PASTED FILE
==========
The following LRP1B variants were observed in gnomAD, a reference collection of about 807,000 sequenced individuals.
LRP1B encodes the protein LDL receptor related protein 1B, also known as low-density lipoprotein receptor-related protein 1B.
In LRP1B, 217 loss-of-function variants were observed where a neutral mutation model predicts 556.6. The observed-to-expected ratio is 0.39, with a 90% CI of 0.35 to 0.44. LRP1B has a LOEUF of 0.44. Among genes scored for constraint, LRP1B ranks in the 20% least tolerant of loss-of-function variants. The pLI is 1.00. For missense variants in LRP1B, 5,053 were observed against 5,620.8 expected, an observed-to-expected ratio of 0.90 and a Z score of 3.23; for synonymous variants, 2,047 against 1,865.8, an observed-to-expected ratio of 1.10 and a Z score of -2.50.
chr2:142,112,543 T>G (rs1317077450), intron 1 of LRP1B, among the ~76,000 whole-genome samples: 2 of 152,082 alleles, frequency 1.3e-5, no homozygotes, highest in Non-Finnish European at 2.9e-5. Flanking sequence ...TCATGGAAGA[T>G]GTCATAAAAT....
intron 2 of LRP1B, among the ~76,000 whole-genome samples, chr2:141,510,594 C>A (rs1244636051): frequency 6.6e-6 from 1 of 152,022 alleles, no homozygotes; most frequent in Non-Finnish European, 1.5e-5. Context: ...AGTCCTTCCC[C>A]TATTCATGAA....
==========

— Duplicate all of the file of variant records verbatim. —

The following LRP1B variants were observed in gnomAD, a reference collection of about 807,000 sequenced individuals.
LRP1B encodes the protein LDL receptor related protein 1B, also known as low-density lipoprotein receptor-related protein 1B.
In LRP1B, 217 loss-of-function variants were observed where a neutral mutation model predicts 556.6. The observed-to-expected ratio is 0.39, with a 90% CI of 0.35 to 0.44. LRP1B has a LOEUF of 0.44. Among genes scored for constraint, LRP1B ranks in the 20% least tolerant of loss-of-function variants. The pLI is 1.00. For missense variants in LRP1B, 5,053 were observed against 5,620.8 expected, an observed-to-expected ratio of 0.90 and a Z score of 3.23; for synonymous variants, 2,047 against 1,865.8, an observed-to-expected ratio of 1.10 and a Z score of -2.50.
chr2:142,112,543 T>G (rs1317077450), intron 1 of LRP1B, among the ~76,000 whole-genome samples: 2 of 152,082 alleles, frequency 1.3e-5, no homozygotes, highest in Non-Finnish European at 2.9e-5. Flanking sequence ...TCATGGAAGA[T>G]GTCATAAAAT....
intron 2 of LRP1B, among the ~76,000 whole-genome samples, chr2:141,510,594 C>A (rs1244636051): frequency 6.6e-6 from 1 of 152,022 alleles, no homozygotes; most frequent in Non-Finnish European, 1.5e-5. Context: ...AGTCCTTCCC[C>A]TATTCATGAA....